KITTY DAVENTRY turned away with a flush of annoyance on her pretty face. There were more reasons than one for her anger, perhaps the chief of them being the knowledge that the man who was looking so steadfastly at her was merely a gamekeeper. It was true that he was a very gentlemanly gamekeeper. His manners were excellent, and his English left nothing to be desired. In addition to all this, the man was well set-up and distinguished looking, though, according to the strict letter of the law, he might not have have been called handsome."
It so happened that this was not the first time that Kitty Daventry had met Philip Lancaster. On two previous occasions he had warned her that she was trespassing in the woods, and that her ill-timed rambles were having a demoralising effect on the young pheasants. Kitty had replied haughtily enough that hitherto she had moved in her own sweet way through all the woods and pastures for ten miles around, and no one had ventured to say her nay. Lancaster had listened politely enough. He had even ventured to insinuate that Miss Daventry was getting a little too old for such childish escapades as these, and that, so far as he could gather, she had not benefited much by three years at a sohool in Germany. Perhaps the girl was not altogether to blame, seeing that her home life was so monotonous a one? She lived quite alone with an old uncle who was a scholar and a recluse, and so long as Kitty did not worry him with any of her troubles, Mr Daventry was quite content to leave the girl alone. As to the rest, he knew and cared nothing about his neighbours and their gossip; indeed, Kitty was wont to declare that her uncle would have been unable to tell the names of his own servants."
But here was quite an exceptional occasion. For the last four or five days it had rained incessantly, so that Kitty was only too glad of a chance to get out of the house, to mount her bicycle and skim away from home over the muddy roads. She had been warned once or twice on the way not to go too far afield, for the River Scour was coming down in flood, and the Scour at that time of year had an awkward habit of cutting off pedestrians from their base and leaving them stranded in out-of-the-way holes and corners. It was a treacherous, quick-rising river, and Kitty knew very well, but she was desperate now with the weariness and monotony of life, and she had come a great deal further away from home than she had intended."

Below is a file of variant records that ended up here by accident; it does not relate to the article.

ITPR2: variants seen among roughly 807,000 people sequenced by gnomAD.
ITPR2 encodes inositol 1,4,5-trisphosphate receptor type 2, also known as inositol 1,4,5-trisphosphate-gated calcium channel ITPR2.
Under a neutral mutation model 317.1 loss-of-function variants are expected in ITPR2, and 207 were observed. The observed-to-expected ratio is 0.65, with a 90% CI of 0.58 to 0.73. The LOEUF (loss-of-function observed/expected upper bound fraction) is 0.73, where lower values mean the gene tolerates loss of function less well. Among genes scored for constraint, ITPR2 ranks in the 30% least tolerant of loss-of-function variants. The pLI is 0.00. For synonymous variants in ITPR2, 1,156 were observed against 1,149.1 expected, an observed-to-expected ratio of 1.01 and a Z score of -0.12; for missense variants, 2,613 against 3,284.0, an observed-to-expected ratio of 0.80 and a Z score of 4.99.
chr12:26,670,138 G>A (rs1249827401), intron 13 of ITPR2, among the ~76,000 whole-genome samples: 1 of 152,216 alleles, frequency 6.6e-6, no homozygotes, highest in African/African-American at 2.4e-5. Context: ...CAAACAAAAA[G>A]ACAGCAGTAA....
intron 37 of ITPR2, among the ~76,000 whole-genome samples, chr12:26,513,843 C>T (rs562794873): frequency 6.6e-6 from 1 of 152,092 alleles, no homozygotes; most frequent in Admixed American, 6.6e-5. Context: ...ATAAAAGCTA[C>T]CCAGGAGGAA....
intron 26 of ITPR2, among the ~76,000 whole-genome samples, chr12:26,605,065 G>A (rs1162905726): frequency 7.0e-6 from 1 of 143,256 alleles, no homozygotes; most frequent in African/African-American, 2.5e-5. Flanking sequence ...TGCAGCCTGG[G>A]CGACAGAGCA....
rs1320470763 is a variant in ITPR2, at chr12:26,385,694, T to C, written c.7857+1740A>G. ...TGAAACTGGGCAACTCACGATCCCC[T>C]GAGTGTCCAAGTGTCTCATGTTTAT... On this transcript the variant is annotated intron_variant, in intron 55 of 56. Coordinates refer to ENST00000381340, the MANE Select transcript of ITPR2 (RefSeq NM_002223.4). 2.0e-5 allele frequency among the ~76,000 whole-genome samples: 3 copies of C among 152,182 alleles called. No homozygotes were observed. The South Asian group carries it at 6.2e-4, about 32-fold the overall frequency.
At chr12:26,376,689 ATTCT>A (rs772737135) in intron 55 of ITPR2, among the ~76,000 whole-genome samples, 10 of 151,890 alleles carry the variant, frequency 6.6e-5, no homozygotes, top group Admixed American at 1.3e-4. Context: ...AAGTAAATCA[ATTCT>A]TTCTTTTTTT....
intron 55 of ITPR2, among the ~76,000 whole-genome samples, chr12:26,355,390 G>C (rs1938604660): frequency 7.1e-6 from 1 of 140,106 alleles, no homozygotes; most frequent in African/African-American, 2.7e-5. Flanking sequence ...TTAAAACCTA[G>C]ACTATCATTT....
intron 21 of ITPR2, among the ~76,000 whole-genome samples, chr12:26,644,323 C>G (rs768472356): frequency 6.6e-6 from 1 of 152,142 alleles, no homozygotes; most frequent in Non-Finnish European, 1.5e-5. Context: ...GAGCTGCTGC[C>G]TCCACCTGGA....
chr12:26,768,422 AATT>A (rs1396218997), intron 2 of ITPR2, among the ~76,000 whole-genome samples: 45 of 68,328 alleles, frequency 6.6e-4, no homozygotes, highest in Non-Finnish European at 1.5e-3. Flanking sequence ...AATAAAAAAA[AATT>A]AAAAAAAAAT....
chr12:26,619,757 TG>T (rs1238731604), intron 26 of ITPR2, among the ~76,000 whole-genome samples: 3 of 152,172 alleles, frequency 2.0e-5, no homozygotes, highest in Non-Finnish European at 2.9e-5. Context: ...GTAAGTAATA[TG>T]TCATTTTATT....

And now the rain was coming down again in real royal earnest. A great ragged bank of clouds streamed up from the west. The landscape was fairly blotted out by the driving deluge, and Kitty, stood, disconsolately under a tree, a little uncertain as to what to do next, and quite hazy as to how she was to get home. It was, of course, in accordance with the eternal fitness of things that Philip Lancaster should put in an appearance at that moment. He paused and doffed his cap, much as if Kitty and himself had been on a perfect equality. He looked almost as pleased, too."
"What are you doing here?" he demanded."
"Waiting for the rain to go over," Kitty said haughtily. "I had a side-slip and nearly wrenched the front tyre from my machine.""
"But surely you must know how late it is," Lancaster replied. "It is long past five. Still, that is hardly the point. What I should like to know is how you propose to get back.""
Kitty froze the speaker with a glance."
"Does that really concern you?" she asked frigidly."
"Well, of course it does," Lancaster went on in the same cool, contemptuous manner. "So far as I know there is only one way back to Langdon Hall, and that is by way of the road over the great Scour Bridge. It may be news to you, of course, but I have just heard that the road is three feet under water.""